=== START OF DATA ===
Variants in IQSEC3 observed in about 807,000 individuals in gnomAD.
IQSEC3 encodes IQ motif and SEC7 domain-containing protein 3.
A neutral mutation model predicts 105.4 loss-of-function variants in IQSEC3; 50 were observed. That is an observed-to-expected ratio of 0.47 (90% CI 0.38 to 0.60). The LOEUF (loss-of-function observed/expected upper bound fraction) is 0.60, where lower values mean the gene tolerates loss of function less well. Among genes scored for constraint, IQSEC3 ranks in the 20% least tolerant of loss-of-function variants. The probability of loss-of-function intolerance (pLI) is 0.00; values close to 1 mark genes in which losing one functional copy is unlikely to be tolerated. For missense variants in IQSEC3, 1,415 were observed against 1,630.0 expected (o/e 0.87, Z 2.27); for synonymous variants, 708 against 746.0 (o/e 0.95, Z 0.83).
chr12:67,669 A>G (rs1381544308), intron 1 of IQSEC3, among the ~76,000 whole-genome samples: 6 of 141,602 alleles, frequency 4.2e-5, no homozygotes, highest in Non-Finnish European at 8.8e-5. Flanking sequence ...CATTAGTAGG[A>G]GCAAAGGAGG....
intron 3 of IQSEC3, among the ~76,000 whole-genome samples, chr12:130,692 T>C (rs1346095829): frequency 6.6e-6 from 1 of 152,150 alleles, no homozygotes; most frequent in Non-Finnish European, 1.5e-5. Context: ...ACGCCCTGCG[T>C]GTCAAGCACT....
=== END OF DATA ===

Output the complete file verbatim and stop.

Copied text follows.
Variants in IQSEC3 observed in about 807,000 individuals in gnomAD.
IQSEC3 encodes IQ motif and SEC7 domain-containing protein 3.
A neutral mutation model predicts 105.4 loss-of-function variants in IQSEC3; 50 were observed. That is an observed-to-expected ratio of 0.47 (90% CI 0.38 to 0.60). The LOEUF (loss-of-function observed/expected upper bound fraction) is 0.60, where lower values mean the gene tolerates loss of function less well. Among genes scored for constraint, IQSEC3 ranks in the 20% least tolerant of loss-of-function variants. The probability of loss-of-function intolerance (pLI) is 0.00; values close to 1 mark genes in which losing one functional copy is unlikely to be tolerated. For missense variants in IQSEC3, 1,415 were observed against 1,630.0 expected (o/e 0.87, Z 2.27); for synonymous variants, 708 against 746.0 (o/e 0.95, Z 0.83).
chr12:67,669 A>G (rs1381544308), intron 1 of IQSEC3, among the ~76,000 whole-genome samples: 6 of 141,602 alleles, frequency 4.2e-5, no homozygotes, highest in Non-Finnish European at 8.8e-5. Flanking sequence ...CATTAGTAGG[A>G]GCAAAGGAGG....
intron 3 of IQSEC3, among the ~76,000 whole-genome samples, chr12:130,692 T>C (rs1346095829): frequency 6.6e-6 from 1 of 152,150 alleles, no homozygotes; most frequent in Non-Finnish European, 1.5e-5. Context: ...ACGCCCTGCG[T>C]GTCAAGCACT....